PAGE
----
In an interview with Senator Tom Harkin (sorry, no link yet), Morning Edition host Renee Montagne managed to turn reality on its head. She repeatedly referred to restrictions on the type of schools where students could use government loans and Pell grants as interfering with the free market and imposing restrictions on the industry.

This is truly bizarre. Free market purists presumably would not want the government program at all. However, those who support the program would presumably want to ensure that money goes for its intended purpose, educating students and providing them with marketable skills.

Prohibiting students from using their government support at diploma mills that do not do either would be like prohibiting people from using food stamps to buy whiskey at their local liquor store. Few would describe such a restriction as interfering with the free market or government regulation of the liquor store industry.

In the case of liquor stores, they can sell liquor to whoever they want (above legal age), their customers just can't use food stamps for their alcohol purchases. Similarly, for profit colleges can sign up any student they want, these rules just prohibit students from using government support at these schools unless they have a track record of actually providing an education.

[Addendum: The NYT commits the same sin. It told readers:

"Many Republicans see such colleges [for profit colleges] as a healthy free-market alternative to overcrowded community colleges, offering useful vocational training and education to working adults who will not attend more traditional institutions."

Of course the NYT has no idea how the Republicans "see" these colleges, they only know what they say about these colleges. It is entirely possible that many Republicans see these colleges as sleaze bucket outfits that give them large campaign contributions. If this is the case, they might be inclined to speak positively about not for profit colleges regardless of what they actually think about them.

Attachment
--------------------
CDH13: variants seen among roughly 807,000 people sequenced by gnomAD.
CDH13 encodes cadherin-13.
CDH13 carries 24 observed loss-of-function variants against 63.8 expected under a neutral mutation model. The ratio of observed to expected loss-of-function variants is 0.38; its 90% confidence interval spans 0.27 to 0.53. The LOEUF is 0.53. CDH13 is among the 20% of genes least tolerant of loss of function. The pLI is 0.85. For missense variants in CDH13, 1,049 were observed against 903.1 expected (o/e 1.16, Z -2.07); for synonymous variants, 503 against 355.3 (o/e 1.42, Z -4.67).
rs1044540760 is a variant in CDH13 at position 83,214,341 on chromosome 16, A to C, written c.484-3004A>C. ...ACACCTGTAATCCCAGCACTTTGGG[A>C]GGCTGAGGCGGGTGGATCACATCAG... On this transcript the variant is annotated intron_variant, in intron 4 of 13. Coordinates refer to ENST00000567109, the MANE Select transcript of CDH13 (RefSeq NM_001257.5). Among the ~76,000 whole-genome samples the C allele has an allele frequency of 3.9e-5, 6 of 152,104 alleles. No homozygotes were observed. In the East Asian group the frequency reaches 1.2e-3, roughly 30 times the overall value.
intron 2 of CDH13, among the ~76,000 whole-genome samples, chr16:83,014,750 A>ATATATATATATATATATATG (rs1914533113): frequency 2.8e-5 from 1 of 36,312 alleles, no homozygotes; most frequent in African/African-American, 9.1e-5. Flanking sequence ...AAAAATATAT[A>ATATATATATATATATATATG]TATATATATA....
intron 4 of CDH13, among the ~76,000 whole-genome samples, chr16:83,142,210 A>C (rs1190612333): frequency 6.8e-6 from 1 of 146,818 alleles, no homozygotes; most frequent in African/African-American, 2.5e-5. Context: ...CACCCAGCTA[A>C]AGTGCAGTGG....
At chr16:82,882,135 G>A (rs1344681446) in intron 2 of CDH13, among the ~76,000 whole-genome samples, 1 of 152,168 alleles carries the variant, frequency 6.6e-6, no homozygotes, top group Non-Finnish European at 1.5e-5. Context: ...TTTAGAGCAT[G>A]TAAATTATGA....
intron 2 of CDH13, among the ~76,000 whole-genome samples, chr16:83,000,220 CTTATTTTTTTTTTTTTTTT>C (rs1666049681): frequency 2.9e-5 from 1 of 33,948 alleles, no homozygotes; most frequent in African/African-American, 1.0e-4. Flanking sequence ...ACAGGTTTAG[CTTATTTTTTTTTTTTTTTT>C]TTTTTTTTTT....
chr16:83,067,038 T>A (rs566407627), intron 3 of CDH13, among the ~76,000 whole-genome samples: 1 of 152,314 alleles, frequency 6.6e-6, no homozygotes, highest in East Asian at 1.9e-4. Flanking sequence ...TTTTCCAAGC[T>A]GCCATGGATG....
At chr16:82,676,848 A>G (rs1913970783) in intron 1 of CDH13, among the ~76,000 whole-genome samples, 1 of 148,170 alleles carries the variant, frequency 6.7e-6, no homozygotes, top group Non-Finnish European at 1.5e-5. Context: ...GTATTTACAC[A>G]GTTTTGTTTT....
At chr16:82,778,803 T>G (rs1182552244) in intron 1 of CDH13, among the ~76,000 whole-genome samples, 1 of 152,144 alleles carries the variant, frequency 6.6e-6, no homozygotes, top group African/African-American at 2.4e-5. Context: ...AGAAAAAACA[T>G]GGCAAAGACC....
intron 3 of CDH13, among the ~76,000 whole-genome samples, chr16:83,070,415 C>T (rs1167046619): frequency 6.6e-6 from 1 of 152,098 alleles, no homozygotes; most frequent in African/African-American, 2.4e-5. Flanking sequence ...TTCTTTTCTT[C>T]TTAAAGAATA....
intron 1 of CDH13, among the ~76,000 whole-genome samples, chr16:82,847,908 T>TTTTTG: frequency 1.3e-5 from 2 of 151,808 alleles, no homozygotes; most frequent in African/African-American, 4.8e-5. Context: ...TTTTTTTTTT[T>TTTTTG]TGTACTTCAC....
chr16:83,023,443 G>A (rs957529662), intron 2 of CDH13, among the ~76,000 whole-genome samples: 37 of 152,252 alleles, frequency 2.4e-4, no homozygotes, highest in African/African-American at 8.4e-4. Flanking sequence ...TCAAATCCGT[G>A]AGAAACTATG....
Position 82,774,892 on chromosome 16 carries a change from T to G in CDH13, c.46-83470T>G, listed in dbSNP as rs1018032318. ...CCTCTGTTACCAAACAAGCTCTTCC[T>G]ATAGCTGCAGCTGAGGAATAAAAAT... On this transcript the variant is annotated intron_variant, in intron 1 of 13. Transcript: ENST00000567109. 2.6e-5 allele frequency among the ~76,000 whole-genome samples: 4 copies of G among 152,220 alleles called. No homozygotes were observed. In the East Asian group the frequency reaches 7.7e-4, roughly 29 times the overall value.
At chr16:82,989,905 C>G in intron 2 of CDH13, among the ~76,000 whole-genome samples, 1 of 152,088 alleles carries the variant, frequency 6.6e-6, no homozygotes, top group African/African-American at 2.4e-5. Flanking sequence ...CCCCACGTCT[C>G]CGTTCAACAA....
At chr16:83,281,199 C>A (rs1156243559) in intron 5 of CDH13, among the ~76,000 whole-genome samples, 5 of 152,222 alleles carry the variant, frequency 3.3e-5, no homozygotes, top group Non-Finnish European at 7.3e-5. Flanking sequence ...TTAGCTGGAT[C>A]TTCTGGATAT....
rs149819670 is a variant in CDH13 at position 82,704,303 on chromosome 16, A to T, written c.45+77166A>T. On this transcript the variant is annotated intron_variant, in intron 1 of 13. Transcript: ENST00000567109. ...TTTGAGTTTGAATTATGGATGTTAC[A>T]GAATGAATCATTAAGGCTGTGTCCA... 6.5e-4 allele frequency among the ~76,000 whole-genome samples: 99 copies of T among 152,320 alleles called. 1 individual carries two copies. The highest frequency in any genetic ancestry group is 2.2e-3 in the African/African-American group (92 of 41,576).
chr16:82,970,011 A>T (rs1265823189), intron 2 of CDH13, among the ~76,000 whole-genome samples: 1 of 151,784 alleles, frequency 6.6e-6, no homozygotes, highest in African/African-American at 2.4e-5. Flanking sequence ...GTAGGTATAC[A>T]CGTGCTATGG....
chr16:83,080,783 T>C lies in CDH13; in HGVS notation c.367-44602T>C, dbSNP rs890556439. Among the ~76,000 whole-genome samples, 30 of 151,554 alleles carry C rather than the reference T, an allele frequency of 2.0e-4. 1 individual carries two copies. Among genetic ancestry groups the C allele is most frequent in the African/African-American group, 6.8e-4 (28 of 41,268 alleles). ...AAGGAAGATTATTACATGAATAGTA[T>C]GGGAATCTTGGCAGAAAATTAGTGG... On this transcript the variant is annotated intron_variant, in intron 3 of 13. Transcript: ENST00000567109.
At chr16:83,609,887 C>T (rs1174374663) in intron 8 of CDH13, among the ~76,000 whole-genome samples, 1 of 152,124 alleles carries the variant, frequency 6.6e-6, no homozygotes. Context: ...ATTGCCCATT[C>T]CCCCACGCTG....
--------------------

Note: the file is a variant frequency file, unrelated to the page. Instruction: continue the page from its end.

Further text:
Remember, reporters are not mindreaders, and those that claim to be are not reporters.

 
Charles Lane Finds it Paradoxical that the Government Provides Assistance to Workers Whose Disabilities Keep Them From Working Print
Tuesday, 31 July 2012 05:15

I'm serious. The Washington Post columnist notes the Americans With Disability Act, which prohibits employers from discriminating against workers because they have a disability, then complains about the paradox that the Social Security disability program gives money to people with disabilities who can't work. I don't really see the paradox in trying to make it easier for people with disabilities to find jobs while still supporting those whose disabilities don't allow them to work, but maybe that's why I don't write for the WAPO.

Anyhow, Lane goes on to note that the disability payments have doubled as a share of GDP over the last three decades, then asks, "what's going on?" He tells readers:

"There’s no evidence that workers in general are substantially less healthy than they used to be."